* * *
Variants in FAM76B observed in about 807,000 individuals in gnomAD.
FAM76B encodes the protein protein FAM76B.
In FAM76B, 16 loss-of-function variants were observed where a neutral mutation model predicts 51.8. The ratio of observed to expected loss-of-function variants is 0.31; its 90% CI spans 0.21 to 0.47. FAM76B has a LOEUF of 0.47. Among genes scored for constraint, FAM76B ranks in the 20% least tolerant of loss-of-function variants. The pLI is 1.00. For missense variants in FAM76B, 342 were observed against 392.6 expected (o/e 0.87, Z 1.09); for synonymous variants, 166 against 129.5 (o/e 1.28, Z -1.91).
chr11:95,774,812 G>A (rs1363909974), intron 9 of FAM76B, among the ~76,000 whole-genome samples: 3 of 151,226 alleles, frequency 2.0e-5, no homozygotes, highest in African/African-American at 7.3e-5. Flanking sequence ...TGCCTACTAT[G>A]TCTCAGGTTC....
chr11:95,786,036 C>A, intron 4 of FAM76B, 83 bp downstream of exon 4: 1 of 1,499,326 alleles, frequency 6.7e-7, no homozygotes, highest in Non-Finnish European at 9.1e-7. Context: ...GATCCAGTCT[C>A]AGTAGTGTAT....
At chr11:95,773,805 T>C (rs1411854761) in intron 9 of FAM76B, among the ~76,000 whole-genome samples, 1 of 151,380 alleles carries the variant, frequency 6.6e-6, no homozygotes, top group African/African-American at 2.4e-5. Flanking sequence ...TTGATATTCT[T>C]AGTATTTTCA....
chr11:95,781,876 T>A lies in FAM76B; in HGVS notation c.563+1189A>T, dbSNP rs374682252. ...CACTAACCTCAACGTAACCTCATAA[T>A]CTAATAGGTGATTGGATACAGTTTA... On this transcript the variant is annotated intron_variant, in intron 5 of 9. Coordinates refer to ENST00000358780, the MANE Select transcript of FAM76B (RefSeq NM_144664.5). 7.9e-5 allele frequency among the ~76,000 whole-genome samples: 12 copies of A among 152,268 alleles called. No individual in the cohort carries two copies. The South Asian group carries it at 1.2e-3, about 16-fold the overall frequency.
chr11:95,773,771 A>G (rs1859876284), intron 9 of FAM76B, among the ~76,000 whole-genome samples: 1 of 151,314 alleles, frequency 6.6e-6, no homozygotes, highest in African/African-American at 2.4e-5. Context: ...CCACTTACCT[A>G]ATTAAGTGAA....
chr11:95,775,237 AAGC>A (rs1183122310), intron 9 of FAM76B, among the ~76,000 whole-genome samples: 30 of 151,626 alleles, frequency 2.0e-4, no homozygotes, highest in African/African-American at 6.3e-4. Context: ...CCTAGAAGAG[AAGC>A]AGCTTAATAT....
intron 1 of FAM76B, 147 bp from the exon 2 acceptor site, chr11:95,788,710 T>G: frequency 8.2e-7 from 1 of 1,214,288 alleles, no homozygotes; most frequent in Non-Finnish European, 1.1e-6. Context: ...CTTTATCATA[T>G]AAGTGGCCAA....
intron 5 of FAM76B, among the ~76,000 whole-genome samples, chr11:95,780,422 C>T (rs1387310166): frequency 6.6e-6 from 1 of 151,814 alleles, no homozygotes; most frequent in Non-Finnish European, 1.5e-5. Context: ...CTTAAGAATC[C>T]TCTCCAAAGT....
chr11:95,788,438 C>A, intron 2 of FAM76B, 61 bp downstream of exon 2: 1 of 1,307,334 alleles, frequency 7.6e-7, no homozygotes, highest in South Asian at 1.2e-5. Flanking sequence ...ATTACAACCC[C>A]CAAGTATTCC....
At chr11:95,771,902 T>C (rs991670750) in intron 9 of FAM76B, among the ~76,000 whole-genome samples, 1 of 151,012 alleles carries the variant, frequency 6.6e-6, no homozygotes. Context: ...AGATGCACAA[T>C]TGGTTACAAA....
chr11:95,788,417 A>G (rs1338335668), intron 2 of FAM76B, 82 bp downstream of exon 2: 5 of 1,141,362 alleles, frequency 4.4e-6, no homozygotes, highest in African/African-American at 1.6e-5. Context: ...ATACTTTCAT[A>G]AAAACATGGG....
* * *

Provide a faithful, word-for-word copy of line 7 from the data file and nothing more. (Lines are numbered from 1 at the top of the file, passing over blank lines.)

chr11:95,781,876 T>A lies in FAM76B; in HGVS notation c.563+1189A>T, dbSNP rs374682252. ...CACTAACCTCAACGTAACCTCATAA[T>A]CTAATAGGTGATTGGATACAGTTTA... On this transcript the variant is annotated intron_variant, in intron 5 of 9. Coordinates refer to ENST00000358780, the MANE Select transcript of FAM76B (RefSeq NM_144664.5). 7.9e-5 allele frequency among the ~76,000 whole-genome samples: 12 copies of A among 152,268 alleles called. No individual in the cohort carries two copies. The South Asian group carries it at 1.2e-3, about 16-fold the overall frequency.